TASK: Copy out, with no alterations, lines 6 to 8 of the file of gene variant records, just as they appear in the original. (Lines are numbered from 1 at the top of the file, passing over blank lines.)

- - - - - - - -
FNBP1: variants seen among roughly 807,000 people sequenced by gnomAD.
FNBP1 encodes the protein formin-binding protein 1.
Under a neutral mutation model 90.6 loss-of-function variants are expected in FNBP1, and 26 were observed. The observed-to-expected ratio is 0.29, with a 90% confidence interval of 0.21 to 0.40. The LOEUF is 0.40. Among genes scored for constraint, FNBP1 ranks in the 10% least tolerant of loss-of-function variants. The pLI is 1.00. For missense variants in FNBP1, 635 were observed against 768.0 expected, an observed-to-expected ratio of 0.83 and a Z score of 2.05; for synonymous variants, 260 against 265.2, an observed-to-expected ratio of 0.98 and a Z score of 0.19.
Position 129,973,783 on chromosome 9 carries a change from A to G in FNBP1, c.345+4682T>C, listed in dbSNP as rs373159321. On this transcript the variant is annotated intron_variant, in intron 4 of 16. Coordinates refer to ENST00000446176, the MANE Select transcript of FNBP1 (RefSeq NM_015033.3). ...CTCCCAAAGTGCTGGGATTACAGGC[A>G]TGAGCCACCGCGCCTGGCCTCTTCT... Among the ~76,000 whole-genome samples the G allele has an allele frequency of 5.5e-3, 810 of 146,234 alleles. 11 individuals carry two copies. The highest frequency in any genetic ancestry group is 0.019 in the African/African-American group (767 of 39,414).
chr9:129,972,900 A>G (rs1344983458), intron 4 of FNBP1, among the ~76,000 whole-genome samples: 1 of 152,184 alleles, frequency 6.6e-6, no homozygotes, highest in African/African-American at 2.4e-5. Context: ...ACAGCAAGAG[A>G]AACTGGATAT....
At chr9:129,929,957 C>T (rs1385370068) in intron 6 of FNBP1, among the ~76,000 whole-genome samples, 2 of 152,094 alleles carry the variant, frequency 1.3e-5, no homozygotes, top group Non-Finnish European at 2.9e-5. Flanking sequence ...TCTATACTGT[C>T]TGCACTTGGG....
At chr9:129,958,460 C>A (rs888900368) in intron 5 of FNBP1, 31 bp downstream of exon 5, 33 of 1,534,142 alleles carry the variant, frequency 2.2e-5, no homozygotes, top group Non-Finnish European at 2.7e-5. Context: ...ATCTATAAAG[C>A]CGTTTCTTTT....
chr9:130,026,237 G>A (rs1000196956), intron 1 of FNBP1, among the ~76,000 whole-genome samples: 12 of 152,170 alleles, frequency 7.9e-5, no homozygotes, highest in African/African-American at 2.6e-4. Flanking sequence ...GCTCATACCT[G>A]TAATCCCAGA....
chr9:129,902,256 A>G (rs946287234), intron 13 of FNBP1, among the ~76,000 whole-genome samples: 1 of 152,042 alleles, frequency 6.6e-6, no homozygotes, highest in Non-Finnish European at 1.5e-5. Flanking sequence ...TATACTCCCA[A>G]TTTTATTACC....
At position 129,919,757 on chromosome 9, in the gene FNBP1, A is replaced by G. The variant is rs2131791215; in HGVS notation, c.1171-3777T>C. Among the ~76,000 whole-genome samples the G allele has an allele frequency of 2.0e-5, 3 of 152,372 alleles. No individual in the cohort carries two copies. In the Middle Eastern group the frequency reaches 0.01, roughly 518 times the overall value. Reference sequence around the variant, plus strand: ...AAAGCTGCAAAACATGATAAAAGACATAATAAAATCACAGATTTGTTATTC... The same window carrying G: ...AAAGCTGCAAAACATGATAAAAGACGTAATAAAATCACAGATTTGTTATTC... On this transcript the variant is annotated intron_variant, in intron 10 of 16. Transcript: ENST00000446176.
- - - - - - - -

At chr9:129,929,957 C>T (rs1385370068) in intron 6 of FNBP1, among the ~76,000 whole-genome samples, 2 of 152,094 alleles carry the variant, frequency 1.3e-5, no homozygotes, top group Non-Finnish European at 2.9e-5. Flanking sequence ...TCTATACTGT[C>T]TGCACTTGGG....
At chr9:129,958,460 C>A (rs888900368) in intron 5 of FNBP1, 31 bp downstream of exon 5, 33 of 1,534,142 alleles carry the variant, frequency 2.2e-5, no homozygotes, top group Non-Finnish European at 2.7e-5. Context: ...ATCTATAAAG[C>A]CGTTTCTTTT....
chr9:130,026,237 G>A (rs1000196956), intron 1 of FNBP1, among the ~76,000 whole-genome samples: 12 of 152,170 alleles, frequency 7.9e-5, no homozygotes, highest in African/African-American at 2.6e-4. Flanking sequence ...GCTCATACCT[G>A]TAATCCCAGA....